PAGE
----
Local women named to national wheelchair basketball squad Molly Welfle and Shelby Gruss started their careers at Turnstone.
Despite being a player who is known for her anticipation and ability to predict what opponents are going to try next, Molly Welfle never saw it coming last week when she was named to the United States Women’s Wheelchair Basketball National team.
But there’s a good reason for that. While going for a layup during the second day of three practices in Colorado Springs, she suffered a concussion when she was tripped up from behind. She basically took part in only two of the six practices.
“It caused me to spin around and and all of my wheels were in the air and I face-planted and ended up rolling and hitting my head twice,” Welfle said. “That’s the hardest hit I’ve ever taken on a basketball court. After that, I just assumed they weren’t going to take me.”
Welfle, a freshman at the University of Texas-Arlington and a former North Side student, was one of 16 players to make the team which will be pared to 12 in time for the America’s Zonal Qualifier this summer in Columbia. Bishop Luers graduate and University of Illinois player Shelby Gruss was also selected from among the 29 players who tried out. The team must finish in the top four at the zonal tournament to qualify for the 2018 World Championships in Hamburg, Germany.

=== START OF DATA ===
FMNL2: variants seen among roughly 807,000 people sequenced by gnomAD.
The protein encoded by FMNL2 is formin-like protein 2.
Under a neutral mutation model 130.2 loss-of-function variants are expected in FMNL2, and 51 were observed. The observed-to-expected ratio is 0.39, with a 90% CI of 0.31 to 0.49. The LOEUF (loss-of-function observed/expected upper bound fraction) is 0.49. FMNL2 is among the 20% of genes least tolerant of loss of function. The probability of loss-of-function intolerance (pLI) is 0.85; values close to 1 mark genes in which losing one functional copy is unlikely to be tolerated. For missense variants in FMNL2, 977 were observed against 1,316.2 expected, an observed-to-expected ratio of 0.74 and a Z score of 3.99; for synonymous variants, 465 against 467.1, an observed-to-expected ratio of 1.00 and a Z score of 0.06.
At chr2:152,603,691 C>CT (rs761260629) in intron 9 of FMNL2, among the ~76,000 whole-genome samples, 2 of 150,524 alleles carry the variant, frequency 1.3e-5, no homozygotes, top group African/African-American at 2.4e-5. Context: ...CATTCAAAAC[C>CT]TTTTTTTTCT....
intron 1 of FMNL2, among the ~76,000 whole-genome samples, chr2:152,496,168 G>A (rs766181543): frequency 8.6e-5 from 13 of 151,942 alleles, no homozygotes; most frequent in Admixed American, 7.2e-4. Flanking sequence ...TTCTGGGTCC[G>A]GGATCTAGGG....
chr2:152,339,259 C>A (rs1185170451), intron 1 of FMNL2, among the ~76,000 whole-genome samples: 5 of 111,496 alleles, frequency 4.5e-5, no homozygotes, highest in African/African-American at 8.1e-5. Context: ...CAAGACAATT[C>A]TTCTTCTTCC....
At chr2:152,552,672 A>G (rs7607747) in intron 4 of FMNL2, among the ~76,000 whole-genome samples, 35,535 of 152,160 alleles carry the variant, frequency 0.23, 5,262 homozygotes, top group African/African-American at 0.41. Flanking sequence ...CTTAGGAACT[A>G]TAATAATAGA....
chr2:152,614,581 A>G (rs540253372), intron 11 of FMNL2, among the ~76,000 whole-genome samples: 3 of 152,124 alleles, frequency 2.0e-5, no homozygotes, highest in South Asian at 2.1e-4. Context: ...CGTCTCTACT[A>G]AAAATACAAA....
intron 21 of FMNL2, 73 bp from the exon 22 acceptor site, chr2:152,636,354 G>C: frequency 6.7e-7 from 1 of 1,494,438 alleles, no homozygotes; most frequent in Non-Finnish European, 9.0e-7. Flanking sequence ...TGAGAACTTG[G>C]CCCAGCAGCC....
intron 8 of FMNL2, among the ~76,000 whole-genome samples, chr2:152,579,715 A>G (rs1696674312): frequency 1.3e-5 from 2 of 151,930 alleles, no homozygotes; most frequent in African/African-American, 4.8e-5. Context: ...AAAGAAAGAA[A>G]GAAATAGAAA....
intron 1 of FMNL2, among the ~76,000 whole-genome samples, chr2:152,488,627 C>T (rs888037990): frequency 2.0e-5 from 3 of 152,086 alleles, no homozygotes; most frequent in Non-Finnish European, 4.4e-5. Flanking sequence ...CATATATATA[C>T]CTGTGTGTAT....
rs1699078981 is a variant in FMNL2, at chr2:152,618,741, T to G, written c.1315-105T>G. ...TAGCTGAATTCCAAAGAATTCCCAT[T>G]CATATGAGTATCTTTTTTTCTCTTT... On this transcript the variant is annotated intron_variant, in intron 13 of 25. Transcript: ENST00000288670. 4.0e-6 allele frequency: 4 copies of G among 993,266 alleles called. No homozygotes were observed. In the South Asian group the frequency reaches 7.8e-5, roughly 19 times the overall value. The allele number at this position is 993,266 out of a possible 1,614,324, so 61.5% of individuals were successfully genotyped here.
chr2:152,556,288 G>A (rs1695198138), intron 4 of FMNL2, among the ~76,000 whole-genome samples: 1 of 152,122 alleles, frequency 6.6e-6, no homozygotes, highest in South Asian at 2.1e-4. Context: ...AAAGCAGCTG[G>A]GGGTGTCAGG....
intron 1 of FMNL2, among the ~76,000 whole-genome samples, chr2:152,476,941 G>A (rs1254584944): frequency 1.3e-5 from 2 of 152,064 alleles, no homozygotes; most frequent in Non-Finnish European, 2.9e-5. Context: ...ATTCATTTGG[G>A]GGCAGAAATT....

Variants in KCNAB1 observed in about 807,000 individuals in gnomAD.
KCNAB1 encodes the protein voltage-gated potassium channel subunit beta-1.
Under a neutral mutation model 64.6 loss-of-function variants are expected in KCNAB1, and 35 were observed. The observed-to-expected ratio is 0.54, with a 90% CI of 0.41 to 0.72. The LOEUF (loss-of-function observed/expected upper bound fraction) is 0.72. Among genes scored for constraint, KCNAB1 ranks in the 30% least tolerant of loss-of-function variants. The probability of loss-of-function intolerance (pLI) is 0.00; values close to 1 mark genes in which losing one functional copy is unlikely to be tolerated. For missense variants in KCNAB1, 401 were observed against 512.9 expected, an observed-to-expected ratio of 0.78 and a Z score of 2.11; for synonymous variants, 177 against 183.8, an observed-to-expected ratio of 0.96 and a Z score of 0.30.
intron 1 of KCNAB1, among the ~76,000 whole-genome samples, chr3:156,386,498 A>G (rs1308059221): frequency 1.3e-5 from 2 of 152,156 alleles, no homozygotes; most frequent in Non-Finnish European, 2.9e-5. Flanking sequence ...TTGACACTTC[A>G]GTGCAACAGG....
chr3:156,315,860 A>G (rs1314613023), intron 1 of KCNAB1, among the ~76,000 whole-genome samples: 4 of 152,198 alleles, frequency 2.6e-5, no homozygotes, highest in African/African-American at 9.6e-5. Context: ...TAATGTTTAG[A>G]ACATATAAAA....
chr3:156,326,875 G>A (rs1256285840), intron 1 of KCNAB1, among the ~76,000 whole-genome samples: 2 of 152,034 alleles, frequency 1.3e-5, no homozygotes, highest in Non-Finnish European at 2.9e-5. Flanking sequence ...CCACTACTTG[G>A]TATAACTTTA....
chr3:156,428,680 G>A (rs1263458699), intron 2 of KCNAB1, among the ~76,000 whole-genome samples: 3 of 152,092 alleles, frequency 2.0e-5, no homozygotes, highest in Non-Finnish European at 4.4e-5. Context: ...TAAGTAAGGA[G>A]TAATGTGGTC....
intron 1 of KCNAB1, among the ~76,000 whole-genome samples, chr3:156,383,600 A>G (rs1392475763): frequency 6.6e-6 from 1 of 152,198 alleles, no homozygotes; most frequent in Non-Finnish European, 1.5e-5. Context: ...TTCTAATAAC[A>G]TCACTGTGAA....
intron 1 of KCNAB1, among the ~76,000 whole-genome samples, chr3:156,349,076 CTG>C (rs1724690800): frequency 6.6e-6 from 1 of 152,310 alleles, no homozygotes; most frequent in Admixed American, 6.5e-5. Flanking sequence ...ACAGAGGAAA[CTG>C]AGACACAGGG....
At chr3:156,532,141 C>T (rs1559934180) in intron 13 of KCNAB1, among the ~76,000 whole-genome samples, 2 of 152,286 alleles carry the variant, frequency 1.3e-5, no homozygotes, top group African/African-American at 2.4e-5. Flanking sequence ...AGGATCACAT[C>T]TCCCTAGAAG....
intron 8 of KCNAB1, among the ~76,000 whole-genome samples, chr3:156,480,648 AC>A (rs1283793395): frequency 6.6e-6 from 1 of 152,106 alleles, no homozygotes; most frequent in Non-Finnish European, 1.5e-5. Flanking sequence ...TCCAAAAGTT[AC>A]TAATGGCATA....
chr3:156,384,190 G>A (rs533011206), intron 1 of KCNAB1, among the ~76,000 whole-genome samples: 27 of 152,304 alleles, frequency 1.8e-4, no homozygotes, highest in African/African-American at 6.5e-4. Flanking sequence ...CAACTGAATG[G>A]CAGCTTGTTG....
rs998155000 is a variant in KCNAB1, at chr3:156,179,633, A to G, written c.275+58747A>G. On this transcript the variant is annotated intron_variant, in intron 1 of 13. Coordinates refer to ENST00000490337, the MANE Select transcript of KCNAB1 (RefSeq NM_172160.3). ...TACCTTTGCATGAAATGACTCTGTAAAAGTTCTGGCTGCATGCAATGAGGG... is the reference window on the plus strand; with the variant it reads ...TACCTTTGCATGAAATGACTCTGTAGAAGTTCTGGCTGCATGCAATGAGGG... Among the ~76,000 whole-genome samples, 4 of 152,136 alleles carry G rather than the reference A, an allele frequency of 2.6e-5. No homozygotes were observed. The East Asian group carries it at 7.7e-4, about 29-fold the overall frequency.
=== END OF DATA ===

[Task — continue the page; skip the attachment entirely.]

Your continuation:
What’s even more ironic is that Welfle, didn’t really care for basketball at an early age. She often got dragged along to watch older sister Nina practice at Turnstone, and started playing at age 6. She lost her left leg below the knee and is missing her pointer, middle and ring fingers on both hands due to birth defects.
“She didn’t want anything to do with basketball,” said Turnstone coach Bob Burnsworth. “She just wasn’t into it, but she got very competitive when she was in junior high. She’s a spitfire. She hasn’t let her disability slow her down.”
Welfle is also a player who thrives on helping everyone around her improve and work on their game. She shares the ball with everyone and makes sure everyone is involved in the play. She also has the ability to strike up a conversation with anyone no matter their age or where they come from.
“I wanted to be outside running around,” Welfle said. “I wanted to be on my bike and eventually I learned I could do so much more in a chair.”
Gruss, a graduate student at Illinois, was paralyzed during a snowboarding accident her senior year at Bishop Luers in 2010. Because of their age differences, she has never played with Welfle in an organized game, but they’ll get their chance this spring.
This was the fourth and likely final tryout with the national team for Gruss, 25.
“I thought I had a really good chance this time,” she said. “I just felt really good throughout the entire tryout. My defense was good, my shooting wasn’t the best, but I thought overall I played very well. If I hadn’t made it this time, I probably would have given up.”
Gruss will graduate in May and is applying to a school in Florida to work on her doctorate. <br>
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